One tree looked particularly tilted (evidenced by comparing the non-verticality with the neighboring trees). I quickly took a picture while trying to stand upright, never realizing that I could use such a photo for a challenge . . . . . . . . . . . . . . . .
I like Monet’s impressionist paintings, especially those with water lilies.
Painting has never been easy; I rather resort to photographing them instead.
Apart from the water lilies, the picture below is basically green in color. The picture shows some leaves starting to turn yellow. This reminds me that in real life, things do get withered. However, they give color to this otherwise monotonic picture taken in the gardens of Huánghèlóu , China .
I also like the reflections in water. On the top left are reflections of willows while on the top right corner are the reflections of a stone arch bridge; both are outside the picture.
For those who love water lily leaves, below is a picture taken in Hokkaido, Japan showing the whole pond full of them.
Cee’s Fun Foto Challenge this week asks us to show off a few photos, each containing at least four strong colours.
immediately come to mind are pictures taken in Biei and Furano in Hokkaido, Japan.
For more pictures of rainbow colors, please see my earlier post http://retireediary.wordpress.com/2012/08/01/the-rainbow-of-flowers-in-biei-and-furano-japan/
Hopefully, this post will allow me time in catching up with posting on the blog and responding to readers’ comments after my travels.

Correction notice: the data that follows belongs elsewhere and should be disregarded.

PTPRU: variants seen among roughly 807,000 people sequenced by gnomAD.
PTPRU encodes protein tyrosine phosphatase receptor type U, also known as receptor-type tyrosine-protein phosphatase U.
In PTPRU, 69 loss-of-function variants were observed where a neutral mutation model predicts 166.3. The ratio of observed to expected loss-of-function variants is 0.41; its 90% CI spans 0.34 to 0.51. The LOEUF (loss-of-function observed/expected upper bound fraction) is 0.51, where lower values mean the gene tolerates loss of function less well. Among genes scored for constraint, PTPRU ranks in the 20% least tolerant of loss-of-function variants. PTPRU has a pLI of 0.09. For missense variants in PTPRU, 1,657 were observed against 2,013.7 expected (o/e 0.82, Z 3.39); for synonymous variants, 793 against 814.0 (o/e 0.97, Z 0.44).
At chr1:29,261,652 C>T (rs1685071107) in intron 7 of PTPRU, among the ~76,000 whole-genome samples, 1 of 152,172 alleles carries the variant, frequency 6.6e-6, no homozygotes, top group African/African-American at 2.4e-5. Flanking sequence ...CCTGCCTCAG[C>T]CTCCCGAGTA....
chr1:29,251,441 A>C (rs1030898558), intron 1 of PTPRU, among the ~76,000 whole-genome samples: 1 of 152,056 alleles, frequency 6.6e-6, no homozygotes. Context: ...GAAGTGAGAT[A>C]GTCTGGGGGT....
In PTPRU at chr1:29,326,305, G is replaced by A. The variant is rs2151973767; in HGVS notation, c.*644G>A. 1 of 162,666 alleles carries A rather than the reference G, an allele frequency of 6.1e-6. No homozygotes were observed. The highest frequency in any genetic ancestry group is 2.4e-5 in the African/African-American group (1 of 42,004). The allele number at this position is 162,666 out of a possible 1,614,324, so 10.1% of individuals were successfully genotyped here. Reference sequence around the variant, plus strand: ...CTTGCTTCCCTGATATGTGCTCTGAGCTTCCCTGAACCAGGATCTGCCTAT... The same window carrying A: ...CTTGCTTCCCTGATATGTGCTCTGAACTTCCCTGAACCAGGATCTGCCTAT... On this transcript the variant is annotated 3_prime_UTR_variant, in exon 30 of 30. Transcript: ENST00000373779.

The aquarium at Okinawa, Japan, to say the least, is very interesting. While we were there, we have the opportunity of seeing not only something big but also something small and even something delicate.
The aquarium is huge with a clever construction so that visitors can have an unobstructed column free view of the aquarium and the fishes inside. We were awed with the close up views of the many sharks, sting rays and other fishes in the aquarium.
In the other parts of the aquarium, some other fishes are small, like the bright-colored coral fishes which dart around playfully around the corals and move in tandem with the currents (top picture).
The lion fish (picture above) there have also captured our undivided attention. They are well-known for their ornate beauty, venomous spines and unique tentacles. The spines and tentacles look delicate, fragile and could be broken up by any strong currents or sudden movements.
We spent a long time looking at the corals. The coral reefs are so delicate because they are made from living creatures. The reefs are made up of coral polyps which are a delicate, limestone-secreting animal. The deposits are made in hundred or thousands of years protecting the softer parts. However, coral reefs can live only in a delicate, balanced marine environment. They require lots of light and oxygen. They also need clear water, low nutrients, a steady temperature, and stable salinity.
They are a vital part of marine ecosystems, but they can be damaged by everything from storms, pollutants, ship anchors and careless divers to massive natural disasters. They are therefore so delicate, but having said that, this also applies to almost everything with life as life itself is delicate . . . . . . . . . . . . . . . . . . . . . . . . . . . . . . . . . .